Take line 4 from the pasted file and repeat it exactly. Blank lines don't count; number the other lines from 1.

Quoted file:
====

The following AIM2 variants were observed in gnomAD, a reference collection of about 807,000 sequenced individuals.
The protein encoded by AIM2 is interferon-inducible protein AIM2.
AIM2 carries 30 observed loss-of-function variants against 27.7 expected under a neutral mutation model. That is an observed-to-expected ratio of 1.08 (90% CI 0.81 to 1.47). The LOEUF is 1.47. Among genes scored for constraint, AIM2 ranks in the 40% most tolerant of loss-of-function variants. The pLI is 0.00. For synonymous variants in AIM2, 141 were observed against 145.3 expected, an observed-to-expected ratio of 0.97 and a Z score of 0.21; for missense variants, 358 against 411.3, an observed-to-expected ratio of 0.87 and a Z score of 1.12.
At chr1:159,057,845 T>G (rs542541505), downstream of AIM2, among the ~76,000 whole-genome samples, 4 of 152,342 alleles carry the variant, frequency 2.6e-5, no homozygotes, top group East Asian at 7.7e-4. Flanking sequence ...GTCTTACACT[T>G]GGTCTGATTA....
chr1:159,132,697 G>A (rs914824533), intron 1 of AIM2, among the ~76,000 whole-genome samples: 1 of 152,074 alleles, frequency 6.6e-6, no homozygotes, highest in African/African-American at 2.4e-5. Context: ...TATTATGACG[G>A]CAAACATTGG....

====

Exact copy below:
At chr1:159,057,845 T>G (rs542541505), downstream of AIM2, among the ~76,000 whole-genome samples, 4 of 152,342 alleles carry the variant, frequency 2.6e-5, no homozygotes, top group East Asian at 7.7e-4. Flanking sequence ...GTCTTACACT[T>G]GGTCTGATTA....